Workshop on Data Linkages to Improve Health Outcomes

John Drabek, OASPE, HHS

Several years ago, staff from four agencies NCHS, CMS, SSA, and OASPE met to discuss how the respondents in the NHIS might be linked to their Medicare and Social Security records. An agreement was developed that safeguarded privacy, yet enabled the database to be constructed. This spring the database was made available to researchers at the NCHS Data Center. Extensive documentation is available on the NCHS website:

A large amount of data has been made available. The 1994, 1995, 1997, and 1998 National Health Interview Surveys were matched with National Death Index data through 2000, with Social Security data (1963-2003), and with Medicare data (1991-2000). The data are particularly useful to disability researchers since the 1994 and 1995 NHIS contain an extensive disability supplement. These data have been merged with records from the SSDI, SSI, and Medicare programs. Similarly, since the 1994 NHIS formed the initial sample for the LSOA, the merged data can be combined with the followup interviews in the LSOA to form a rich database on people as they age. Finally, since the NHIS started providing the initial sample for MEPS in 1996, it is possible to combine some of the linked data with MEPS respondents.

This project has taken a great deal of effort on the part of many persons. Completing the match, verifying the results, and preparing the analytical files and documentation has been a huge effort. Although the NHIS is well documented for users, SSA and Medicare files are designed primarily for program operations, not for research purposes. Although the SSA and Medicare files contain a wealth of information, it requires substantial effort to understand how to properly use that information.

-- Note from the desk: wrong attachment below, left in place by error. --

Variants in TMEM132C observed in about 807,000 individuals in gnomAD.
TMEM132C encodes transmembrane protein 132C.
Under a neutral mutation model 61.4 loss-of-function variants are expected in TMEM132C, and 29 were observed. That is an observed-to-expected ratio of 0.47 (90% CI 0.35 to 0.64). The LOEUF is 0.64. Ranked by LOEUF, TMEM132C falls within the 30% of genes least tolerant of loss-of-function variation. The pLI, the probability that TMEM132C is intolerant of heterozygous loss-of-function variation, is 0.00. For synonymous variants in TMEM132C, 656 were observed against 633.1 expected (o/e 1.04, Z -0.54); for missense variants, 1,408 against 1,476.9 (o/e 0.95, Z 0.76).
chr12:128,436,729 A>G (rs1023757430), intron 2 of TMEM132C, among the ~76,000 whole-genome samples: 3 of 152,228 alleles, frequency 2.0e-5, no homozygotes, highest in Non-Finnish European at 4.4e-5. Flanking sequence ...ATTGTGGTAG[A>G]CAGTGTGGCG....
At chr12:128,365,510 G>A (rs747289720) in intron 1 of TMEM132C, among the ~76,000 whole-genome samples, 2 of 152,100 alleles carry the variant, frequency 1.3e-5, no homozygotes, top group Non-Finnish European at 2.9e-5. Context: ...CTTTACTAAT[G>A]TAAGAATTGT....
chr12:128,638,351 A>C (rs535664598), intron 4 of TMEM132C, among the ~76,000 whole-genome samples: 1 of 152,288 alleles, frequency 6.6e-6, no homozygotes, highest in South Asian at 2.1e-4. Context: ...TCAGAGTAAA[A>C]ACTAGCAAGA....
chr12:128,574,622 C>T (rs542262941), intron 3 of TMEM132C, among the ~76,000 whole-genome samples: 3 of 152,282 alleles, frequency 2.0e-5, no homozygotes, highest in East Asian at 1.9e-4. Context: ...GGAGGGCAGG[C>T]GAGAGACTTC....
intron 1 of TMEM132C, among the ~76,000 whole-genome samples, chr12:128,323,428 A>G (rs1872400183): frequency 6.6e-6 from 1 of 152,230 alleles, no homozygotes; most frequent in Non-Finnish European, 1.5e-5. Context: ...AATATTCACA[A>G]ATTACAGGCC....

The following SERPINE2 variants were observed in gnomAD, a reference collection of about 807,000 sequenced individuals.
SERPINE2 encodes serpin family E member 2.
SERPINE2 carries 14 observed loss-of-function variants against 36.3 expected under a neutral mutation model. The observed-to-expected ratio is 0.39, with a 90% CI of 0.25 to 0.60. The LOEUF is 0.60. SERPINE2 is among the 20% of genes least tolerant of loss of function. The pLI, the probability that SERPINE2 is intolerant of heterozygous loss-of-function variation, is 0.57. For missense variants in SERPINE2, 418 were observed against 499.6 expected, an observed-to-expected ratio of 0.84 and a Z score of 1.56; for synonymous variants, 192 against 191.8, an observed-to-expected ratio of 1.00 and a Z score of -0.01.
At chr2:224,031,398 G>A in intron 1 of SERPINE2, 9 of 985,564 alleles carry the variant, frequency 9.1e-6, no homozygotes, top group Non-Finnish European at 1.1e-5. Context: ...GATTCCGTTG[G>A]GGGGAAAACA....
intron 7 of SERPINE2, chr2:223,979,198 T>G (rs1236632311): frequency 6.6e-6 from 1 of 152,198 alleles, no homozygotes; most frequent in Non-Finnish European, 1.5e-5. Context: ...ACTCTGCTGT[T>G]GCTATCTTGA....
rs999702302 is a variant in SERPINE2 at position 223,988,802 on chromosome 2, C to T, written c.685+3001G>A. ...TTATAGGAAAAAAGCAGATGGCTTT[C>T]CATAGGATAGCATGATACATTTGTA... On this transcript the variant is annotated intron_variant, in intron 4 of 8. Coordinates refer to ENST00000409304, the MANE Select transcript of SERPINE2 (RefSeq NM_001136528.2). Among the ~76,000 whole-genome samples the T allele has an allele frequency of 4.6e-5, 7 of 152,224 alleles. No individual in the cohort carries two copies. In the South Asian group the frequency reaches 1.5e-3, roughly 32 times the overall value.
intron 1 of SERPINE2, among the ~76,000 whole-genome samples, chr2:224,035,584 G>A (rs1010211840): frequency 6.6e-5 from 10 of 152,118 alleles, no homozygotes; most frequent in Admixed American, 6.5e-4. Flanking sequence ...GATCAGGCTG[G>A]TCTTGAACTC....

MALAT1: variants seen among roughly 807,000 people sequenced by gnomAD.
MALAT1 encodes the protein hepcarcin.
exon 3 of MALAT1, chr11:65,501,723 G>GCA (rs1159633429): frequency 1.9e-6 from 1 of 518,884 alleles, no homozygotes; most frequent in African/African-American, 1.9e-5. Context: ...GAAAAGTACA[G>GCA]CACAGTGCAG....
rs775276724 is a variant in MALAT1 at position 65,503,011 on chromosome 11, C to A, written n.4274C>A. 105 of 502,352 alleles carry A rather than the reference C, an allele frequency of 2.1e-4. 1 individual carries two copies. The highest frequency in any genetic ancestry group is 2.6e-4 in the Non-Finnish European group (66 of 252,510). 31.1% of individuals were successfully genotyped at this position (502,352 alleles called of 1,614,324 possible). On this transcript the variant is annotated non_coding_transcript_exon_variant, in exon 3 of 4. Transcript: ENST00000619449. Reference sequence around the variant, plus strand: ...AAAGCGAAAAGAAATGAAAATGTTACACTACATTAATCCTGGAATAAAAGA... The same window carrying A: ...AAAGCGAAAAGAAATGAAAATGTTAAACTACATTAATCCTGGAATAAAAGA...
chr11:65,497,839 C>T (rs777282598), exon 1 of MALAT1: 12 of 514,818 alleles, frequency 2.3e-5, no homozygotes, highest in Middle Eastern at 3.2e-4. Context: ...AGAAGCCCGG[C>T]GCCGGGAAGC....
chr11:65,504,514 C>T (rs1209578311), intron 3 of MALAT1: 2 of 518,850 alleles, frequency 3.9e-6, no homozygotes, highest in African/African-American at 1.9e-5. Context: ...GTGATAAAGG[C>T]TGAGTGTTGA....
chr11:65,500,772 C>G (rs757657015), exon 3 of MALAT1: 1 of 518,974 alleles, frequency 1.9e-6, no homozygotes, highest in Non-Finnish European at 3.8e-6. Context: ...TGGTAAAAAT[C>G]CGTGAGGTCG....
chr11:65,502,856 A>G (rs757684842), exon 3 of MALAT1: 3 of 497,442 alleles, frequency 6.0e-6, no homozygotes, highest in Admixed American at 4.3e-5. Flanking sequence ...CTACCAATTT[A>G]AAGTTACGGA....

The four agencies have devoted a considerable amount of staff time to this project. In addition, OASPE provided funds for preparing the analytical files and documentation that are on the NCHS website. OASPE is providing additional funds to NCHS to further support this project and related projects.

Jerry Riley of CMS has already used the linked database to study the characteristics of individuals who are receiving SSDI, but are waiting to become eligible for Medicare (after the mandatory 2 year waiting period for those under age 65). The results of this study will soon be published in the journal Inquiry. Other investigators have submitted, or will be submitting, proposals to NCHS to use the linked database at the Data Center.

OASPE is in the process of awarding a research contract to demonstrate the usefulness of the linked database for policy research.  Three areas will be studied: (1) understanding the interaction of the population with disabilities with the SSDI and SSI programs; (2) using administrative data to follow respondents in the NHIS, especially in terms of later application to SSDI and SSI; and (3) understanding family support and caregiving for SSDI and SSI beneficiaries.

OASPE has supported this project because it is essential that we have good data for policy research and program evaluation. Linking databases is a relatively new undertaking, and the design and use of these products is not well understood. Only by conducting analyses will we understand how useful the data are, and what further improvements need to be made. In particular, we need to figure out how to make optimal use of a database that has various parts covering different time intervals. Survey data collected at a point in time are merged with program histories often covering many years. Figuring out how to meaningfully summarize the program history data for analysis is a new research task.